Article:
Generally Accepted Accounting Principles
GAAP is a word we probably hear quite often in the business world. To know and understand it will be beneficial in your business conversations and to help you progress in your career.
What is GAAP? It's an acronym for the generally accepted accounting principles. It's a common set of accounting principles, standards, and procedures that are set by a governing board called FASB, which is the Financial Accounting Standards Boards. Think of it as the rules and standards for financial reporting, primarily in the United States.
Why do we need it? Well, we need to have a set of common rules, so that we have consistency — period-to-period and company-to-company — across different industries. If you're looking at two sets of financials from two different companies that are GAAP compliant, you know they're playing by, and reporting by, the same set of rules. These principles across the accounting standard give integrity to financial reporting.
Now, are there other standards out there? Yes! One of the biggest ones in the world is called IFRS, which is International Financial Reporting Standards.
The biggest question I get, or confusion that comes around these standards, is companies will often report GAAP as reported financials, and then you'll hear them say, “and our adjusted revenue”, or “our adjusted operating profit”, or “our non-GAAP measure was this.” Why do they do both? We need GAAP reporting to provide that standard set of reports that we know are consistent across all reporting, consistent over time, and consistent against other companies.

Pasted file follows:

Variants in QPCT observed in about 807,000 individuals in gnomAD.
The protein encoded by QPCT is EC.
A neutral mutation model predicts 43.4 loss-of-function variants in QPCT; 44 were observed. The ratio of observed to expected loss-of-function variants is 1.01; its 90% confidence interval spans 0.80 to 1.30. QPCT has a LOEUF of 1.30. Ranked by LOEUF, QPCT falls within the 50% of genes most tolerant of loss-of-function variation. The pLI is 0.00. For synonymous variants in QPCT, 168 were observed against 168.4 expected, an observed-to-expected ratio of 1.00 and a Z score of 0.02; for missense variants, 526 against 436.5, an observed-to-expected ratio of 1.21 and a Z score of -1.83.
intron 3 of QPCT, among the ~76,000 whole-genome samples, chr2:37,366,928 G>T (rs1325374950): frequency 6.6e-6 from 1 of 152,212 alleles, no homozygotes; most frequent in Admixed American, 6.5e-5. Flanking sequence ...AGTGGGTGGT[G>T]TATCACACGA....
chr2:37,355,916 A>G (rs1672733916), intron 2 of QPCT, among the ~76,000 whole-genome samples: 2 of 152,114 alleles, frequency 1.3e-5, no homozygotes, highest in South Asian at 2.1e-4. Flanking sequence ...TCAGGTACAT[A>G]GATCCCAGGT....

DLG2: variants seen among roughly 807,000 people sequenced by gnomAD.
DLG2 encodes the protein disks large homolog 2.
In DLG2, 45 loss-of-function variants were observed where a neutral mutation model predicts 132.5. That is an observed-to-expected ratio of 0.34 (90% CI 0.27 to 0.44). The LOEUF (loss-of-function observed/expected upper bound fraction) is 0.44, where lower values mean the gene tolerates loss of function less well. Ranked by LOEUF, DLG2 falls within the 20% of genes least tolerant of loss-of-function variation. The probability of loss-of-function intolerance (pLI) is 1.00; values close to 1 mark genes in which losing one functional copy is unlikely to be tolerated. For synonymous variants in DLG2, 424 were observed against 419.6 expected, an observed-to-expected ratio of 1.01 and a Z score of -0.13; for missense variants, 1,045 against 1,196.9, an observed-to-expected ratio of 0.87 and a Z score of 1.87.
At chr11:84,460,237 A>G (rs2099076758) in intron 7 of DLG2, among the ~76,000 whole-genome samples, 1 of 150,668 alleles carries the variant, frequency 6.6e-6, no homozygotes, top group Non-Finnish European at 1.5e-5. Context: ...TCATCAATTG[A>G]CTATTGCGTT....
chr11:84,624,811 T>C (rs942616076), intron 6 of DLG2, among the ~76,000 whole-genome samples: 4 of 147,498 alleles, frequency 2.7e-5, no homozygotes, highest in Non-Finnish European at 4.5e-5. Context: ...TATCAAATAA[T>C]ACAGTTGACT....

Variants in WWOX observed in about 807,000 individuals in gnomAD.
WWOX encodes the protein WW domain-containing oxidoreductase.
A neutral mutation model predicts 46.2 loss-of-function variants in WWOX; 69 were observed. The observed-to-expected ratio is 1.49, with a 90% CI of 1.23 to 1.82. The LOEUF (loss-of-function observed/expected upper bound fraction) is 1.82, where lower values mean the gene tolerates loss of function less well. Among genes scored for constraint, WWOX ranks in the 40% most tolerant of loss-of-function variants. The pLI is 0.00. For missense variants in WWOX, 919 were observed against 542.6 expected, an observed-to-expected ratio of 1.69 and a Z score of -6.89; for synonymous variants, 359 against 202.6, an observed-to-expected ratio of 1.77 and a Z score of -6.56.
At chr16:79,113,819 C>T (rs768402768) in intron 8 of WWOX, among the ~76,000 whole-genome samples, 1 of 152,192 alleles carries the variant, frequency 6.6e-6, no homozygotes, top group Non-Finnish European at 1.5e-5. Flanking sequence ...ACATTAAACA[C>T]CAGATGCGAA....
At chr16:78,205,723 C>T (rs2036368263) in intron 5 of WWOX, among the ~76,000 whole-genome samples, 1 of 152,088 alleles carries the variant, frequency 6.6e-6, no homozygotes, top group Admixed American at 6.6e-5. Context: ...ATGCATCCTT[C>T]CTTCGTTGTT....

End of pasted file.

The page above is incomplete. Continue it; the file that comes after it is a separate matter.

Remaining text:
But sometimes what you have to report from a GAAP perspective may not be very indicative of the underlying performance of the company.
For example, let's say a company just lost a lawsuit. They have a $50 million bill they have to pay because they lost this big lawsuit. Well, if you looked at the profitability and it went down by $50 million, you might think that the company's really struggling. Management might say, “look, our GAAP standard is this number, but we're going to provide an adjusted number.” An adjusted number means “we don't think that that legal fee is indicative of the underlying performance of the company.” Our adjusted number is going to be a number that we provide that gives insight into what we believe is a more reflective number of performance.
So, it's not meant to create confusion. It's not meant to be sneaky. It's really meant to say, “look, here's the GAAP number — we're compliant — and you can compare it across different companies and in different places. And here's a number that we adjusted that we think is more reflective of the underlying performance.” The two of them combined together really provide clarity and understanding.
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